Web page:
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					      Thought for the Day
“In this world it is not what we take up,
but what we give up, that makes us rich.”
– Henry Ward Beecher
Abstraction in Modern Computer
• Procedural Abstraction
  – Methods allow us to use and to create abstract
    procedures or processes


        Abstract Data Types
         Data Abstraction
• View data in an abstract way
         Abstract Data Types
          Data Abstraction
• View data in an abstract way

• Formal definition:
 An Abstract Data Type is a pair <V, O> where:
      V is a set of values
      O is a set of operations defined on V

• Abbreviate: ADT
        Primitive Data Types
• Types such as int, double, etc. are “built
  in” ADTs

• For int in Java:
 V = { -2 147 483 648 ... 2 147 483 647 }
 O = { +, -, *, /, %, ~, |, &, ^, <<, >>,
        >>>, <, <=, ==, >=, >, !=, = }
     New Abstract Data Types
• Many programming languages allow us to
  create our own new ADTs
• Java: class
• Example:
  – Frequency table class
         V = { “bins” with frequency counts }
         O = { addEntry, numHits }
  Client and Implementor Views
• ADTs allow us to hide details of the
  implementation from “clients”
  – Vital for abstraction

• In Java: private

• Try to keep separate:
  – implementor/programmer view
  – client view
             Client Views
• In the notes, distinguished by grey

• Also use simplified UML class diagrams:

         bin, lb, n, binSize
         addEntry, numHits
  Interfaces and Data Abstraction
 • Sometimes a client will use an object
   defined by an interface

 • It does not need to know anything else
   about the type of the actual object
   – Hidden implementation detail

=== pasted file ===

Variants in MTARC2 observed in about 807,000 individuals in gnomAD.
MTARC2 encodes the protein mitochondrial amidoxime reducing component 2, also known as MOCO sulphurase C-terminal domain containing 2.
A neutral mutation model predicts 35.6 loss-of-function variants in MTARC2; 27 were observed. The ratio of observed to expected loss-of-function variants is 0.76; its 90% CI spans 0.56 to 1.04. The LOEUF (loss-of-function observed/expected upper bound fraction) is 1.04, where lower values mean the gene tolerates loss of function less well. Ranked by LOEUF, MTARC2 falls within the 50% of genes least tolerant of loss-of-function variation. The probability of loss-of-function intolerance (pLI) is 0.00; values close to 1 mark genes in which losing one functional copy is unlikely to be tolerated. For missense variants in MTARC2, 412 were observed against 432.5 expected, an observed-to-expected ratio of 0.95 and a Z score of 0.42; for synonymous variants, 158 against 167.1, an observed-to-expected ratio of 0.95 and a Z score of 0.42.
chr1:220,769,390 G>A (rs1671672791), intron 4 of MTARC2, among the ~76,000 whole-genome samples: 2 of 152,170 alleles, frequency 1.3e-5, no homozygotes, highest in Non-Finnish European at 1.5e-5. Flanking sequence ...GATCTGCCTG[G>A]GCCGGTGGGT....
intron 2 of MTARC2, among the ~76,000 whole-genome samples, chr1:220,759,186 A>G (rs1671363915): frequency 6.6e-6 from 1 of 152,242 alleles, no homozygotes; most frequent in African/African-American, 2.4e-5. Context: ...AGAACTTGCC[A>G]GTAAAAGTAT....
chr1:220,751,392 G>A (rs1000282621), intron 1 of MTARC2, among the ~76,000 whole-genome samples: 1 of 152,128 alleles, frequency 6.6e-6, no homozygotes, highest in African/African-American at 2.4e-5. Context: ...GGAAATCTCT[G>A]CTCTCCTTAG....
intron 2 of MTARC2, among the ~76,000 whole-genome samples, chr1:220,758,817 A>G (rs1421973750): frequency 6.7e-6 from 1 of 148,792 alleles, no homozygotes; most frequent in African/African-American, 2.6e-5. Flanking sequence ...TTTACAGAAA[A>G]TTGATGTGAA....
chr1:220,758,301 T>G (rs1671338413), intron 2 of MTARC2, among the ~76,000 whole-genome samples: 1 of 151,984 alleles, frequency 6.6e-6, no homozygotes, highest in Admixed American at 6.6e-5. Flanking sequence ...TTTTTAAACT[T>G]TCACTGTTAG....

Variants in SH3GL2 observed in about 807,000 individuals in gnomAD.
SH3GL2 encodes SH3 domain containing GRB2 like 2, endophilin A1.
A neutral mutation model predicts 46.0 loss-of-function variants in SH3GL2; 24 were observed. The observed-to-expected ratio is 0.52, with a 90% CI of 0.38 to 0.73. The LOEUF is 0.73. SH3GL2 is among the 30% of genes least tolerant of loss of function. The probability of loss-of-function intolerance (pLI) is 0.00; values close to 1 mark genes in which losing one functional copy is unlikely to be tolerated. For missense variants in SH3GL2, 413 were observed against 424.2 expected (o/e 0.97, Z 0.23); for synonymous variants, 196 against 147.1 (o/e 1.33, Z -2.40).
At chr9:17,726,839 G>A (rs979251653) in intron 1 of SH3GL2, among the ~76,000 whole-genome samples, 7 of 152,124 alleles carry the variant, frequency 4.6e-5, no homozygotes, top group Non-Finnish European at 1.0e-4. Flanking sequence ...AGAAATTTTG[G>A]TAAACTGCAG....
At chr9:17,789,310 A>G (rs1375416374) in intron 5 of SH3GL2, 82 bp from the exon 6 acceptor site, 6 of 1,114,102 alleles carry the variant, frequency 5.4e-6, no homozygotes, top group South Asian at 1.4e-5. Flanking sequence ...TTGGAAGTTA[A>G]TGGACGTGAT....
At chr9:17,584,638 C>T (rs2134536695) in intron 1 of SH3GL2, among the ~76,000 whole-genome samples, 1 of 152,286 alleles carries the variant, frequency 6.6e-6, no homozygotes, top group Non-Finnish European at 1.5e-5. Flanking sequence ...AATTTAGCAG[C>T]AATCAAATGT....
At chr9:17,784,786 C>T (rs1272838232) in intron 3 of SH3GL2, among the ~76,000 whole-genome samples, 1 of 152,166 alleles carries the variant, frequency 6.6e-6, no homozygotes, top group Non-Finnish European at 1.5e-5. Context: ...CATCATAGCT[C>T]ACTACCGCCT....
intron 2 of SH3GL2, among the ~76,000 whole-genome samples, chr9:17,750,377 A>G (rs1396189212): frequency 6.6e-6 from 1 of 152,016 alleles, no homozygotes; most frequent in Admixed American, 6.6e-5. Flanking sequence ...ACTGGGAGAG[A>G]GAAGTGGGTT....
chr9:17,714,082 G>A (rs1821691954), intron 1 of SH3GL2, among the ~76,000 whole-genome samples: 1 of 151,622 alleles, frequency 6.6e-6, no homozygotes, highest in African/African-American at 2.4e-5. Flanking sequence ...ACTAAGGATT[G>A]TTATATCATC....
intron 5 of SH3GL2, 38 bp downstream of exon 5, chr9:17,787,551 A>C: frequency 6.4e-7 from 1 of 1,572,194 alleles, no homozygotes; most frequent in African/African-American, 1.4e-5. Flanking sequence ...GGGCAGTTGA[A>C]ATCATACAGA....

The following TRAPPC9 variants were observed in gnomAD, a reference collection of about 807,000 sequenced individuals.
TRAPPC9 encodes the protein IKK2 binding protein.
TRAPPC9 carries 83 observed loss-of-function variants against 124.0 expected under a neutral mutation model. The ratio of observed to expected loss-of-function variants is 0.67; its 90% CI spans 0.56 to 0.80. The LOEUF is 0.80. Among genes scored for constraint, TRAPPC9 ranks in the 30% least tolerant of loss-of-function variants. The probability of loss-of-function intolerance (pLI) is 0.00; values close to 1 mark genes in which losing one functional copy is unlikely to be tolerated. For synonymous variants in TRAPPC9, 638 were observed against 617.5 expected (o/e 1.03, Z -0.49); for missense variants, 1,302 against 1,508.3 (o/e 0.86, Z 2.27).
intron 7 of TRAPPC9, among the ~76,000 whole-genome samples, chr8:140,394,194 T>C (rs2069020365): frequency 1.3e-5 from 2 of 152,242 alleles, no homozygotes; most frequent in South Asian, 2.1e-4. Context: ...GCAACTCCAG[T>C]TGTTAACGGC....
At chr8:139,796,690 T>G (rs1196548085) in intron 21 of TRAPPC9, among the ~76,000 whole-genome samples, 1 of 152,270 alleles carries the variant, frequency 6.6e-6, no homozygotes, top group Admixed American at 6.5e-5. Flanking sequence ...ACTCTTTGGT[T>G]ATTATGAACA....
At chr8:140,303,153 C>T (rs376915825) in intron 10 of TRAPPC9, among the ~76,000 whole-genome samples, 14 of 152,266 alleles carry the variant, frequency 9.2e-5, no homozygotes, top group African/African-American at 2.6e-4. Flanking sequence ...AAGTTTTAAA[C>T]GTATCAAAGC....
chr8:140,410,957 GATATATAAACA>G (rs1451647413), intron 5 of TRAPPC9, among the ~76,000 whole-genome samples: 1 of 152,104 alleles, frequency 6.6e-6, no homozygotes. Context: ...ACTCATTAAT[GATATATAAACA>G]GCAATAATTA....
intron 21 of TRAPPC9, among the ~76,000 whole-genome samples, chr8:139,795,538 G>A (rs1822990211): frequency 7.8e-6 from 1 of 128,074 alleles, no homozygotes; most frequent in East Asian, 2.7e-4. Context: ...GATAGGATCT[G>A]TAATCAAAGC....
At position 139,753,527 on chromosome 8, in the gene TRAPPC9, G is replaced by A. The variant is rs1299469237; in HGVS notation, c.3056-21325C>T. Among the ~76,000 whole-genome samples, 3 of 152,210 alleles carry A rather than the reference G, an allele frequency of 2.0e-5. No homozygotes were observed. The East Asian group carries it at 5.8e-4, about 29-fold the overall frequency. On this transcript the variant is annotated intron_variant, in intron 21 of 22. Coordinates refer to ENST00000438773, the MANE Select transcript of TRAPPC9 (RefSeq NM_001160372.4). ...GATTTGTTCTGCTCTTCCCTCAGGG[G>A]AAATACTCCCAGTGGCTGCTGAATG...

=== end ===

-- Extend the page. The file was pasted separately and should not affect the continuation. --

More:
void delegate (ManagerialResponsibilities m)
  { ... m.manage(); ...
  } // delegate
          Closing Comment
• Geoff Rehmet (Technical Business
  Manager, Internet Solutions):

…the single most powerful construct I learned
[at Rhodes] is the concept of abstraction.
… [it] gives me an infinite lead over my peers
         Section 2
  Advanced Data Structures
Vectors and Lists
Stacks and Queues
Trees and Graphs
Dictionaries and Hash Tables
   Chapter 4: Vectors and Lists
• Objectives
  – To consider simple lists of information

  – To study the implementation of simple lists:
     • using arrays
     • using linked lists

  – To see how polymorphism and generics can be
    used with ADTs in Java
• Many problems involve the use of lists
  –   Lists of courses
  –   Lists of students
  –   Lists of guests
  –   Lists of groceries
  –   Lists of marks           A list of lists!
• In this chapter we consider:

  – A list of integers, using an array

  – A list of integers, using a linked list
  – A generic list, using polymorphism

  – A generic list, using Java 5 generics
           Operations on Lists
• Basic set of operations:
  –   Creating an empty list
  –   Adding an element
  –   Accessing an element
  –   Removing an element
  –   Finding an element
  –   Finding the number of elements
  –   Displaying all the elements
  The IntegerVector Class
• Vector
  – Technical/mathematical term for a list

• Class diagram (incomplete):
       data, numElements
       add, get, set, position,
       remove, length
  The IntegerVector Class
       public class IntegerVector
         { private int[] data;
           private int numElements;
         } // class IntegerVector

• Data members are all private
  – A very common pattern for ADTs
  – Data is accessed (and protected) by public
 IntegerVector: Constructors
public IntegerVector (int initSize)
  { if (initSize <= 0)
      throw new IllegalArgumentException(…);
    numElements = 0;
    data = new int[initSize];
  } // constructor

public IntegerVector ()
  { this(100);
  } // constructor

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